New York City is packed with galleries and museums each with their own bumper art show calendar, it can be impossible to know what to see. To get started, here are 4 big summer art exhibitions that look good.
In 1939, Georgia O’Keeffe spent nine weeks on assignment for the Hawaiian Pineapple Company, to create paintings of the islands for its promotional campaign. Today, 15 of them – rarely seen today – feature in this – one of the city’s biggest summer art exhibitions at the New York Botanical Garden in the Bronx. There’s also a lush display of Hawaiian flowers and plants in the conservatory which looks fun to walk around, and includes a beautiful recreation of a traditional Hawaiian open-sided, thatched-roof pavilion hidden in the foliage. Forbes says: ‘it’s already shaping up to be the blockbuster art show of the New York summer and a must for visitors to the city.’
O’Keeffe: Visions of Hawaii runs through to 28 October, and I can’t wait to visit on my next trip in September 2018.
Browsing art installations outside in New York is fun because it means you get to discover all those parts of the city you might not necessarily go to otherwise – like tiny community gardens or little-known parks, random subway stations, empty car parks, or even abandoned buildings (see here and here). The Museum of the City of New York’s latest exhibit, Art in the Open, looks at back at some of the most poignant installations from the past 40 years that have helped transform the city.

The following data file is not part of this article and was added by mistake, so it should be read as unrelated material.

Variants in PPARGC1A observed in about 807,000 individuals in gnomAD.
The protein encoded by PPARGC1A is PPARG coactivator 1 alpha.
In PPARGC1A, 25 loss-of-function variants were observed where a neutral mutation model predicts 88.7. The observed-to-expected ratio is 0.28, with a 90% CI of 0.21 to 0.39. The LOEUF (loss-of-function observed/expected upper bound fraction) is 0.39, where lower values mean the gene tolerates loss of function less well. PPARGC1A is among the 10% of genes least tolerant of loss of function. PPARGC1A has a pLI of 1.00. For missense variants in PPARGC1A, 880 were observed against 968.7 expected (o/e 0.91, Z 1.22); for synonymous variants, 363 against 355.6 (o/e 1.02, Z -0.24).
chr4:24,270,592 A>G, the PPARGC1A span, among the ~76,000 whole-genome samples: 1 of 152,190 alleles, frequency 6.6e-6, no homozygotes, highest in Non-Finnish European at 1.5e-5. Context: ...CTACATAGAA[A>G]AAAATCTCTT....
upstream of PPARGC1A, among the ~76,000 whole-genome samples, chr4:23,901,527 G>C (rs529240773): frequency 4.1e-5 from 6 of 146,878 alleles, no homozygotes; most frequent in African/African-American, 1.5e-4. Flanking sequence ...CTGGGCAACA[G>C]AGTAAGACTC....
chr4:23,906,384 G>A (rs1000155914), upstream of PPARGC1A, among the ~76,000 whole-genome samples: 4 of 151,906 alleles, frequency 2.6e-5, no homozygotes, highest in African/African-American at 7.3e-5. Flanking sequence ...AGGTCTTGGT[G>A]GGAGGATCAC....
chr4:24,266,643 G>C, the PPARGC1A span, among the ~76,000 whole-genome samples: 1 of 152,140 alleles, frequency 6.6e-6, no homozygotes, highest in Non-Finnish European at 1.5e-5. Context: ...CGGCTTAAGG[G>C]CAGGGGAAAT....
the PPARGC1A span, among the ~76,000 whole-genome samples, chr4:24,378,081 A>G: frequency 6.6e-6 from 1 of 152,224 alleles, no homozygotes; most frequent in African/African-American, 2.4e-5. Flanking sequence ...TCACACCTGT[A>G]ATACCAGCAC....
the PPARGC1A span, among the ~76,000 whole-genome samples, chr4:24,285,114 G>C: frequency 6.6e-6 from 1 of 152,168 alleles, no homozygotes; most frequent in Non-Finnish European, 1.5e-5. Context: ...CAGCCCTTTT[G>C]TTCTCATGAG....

Art in the Open runs through to 23 September.
The Costume Institute’s exhibitions in the Met Museum are always epic, and this year – in its biggest and most bold to date – it’s all about religious fashion. On display are robes from the Vatican never to have left Rome, and another 150 religious outfits from the last century, including ‘space-age brides, monastic couture, angels in gold lamé, and a choir up in the balcony dressed in head-to-toe Balenciaga’, says the New York Times. Meanwhile, The Cut says, it’s ‘gorgeous, moving, and surprisingly witty. . . . It confirms the historical, even mystical power of fashion, its worthiness of serious attention . . .”
I love the sound of how it’s organised, scattered in various places around the museum – on stairways and in corridors on different floors – rather than boxed into a few rooms. It runs from its downstairs hall to the Byzantine and medieval galleries and into the Lehman Wing. It then continues at the Cloisters, the museum’s home for religious art in Upper Manhattan.
Heavenly Bodies at the Costume Institute runs through to 8 October.
Before he was a film director, Stanley Kubrick started out as a photographer for Life Magazine competitor, Look. Between 1940-50, he captured scenes of ordinary NYC city street life in beautiful black and white for some 300-odd assignments some of which have been gathered together to create this fascinating exhitbition at The Museum of the City of New York.
Life Through a Different Lens runs through to 28 October.